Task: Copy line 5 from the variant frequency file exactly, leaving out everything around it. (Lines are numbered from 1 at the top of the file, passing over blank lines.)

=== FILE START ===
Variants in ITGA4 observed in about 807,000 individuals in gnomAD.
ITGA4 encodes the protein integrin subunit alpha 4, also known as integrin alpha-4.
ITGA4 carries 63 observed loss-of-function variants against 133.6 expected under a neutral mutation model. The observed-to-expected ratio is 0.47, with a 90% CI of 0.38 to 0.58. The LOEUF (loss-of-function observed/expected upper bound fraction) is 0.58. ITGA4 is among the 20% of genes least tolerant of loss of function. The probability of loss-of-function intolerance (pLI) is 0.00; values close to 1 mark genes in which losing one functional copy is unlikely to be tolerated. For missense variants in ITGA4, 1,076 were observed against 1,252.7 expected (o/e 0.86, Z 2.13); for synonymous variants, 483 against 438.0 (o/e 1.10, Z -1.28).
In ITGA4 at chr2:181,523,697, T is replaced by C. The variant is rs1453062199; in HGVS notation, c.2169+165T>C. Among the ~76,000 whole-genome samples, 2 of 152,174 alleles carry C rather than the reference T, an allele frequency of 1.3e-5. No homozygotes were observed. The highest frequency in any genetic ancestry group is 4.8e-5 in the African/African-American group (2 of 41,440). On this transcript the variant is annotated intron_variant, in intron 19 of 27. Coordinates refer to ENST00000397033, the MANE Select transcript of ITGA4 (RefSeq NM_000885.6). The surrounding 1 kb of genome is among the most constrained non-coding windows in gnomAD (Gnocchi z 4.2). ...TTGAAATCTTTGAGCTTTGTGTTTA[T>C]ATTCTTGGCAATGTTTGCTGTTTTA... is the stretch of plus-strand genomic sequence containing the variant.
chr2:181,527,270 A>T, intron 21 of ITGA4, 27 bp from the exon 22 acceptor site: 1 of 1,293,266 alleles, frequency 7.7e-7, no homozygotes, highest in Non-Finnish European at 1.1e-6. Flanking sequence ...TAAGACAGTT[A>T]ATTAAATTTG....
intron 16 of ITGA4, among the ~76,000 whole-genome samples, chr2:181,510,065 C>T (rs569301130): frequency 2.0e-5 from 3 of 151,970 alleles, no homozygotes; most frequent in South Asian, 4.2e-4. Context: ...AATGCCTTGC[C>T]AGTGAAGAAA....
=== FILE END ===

chr2:181,527,270 A>T, intron 21 of ITGA4, 27 bp from the exon 22 acceptor site: 1 of 1,293,266 alleles, frequency 7.7e-7, no homozygotes, highest in Non-Finnish European at 1.1e-6. Flanking sequence ...TAAGACAGTT[A>T]ATTAAATTTG....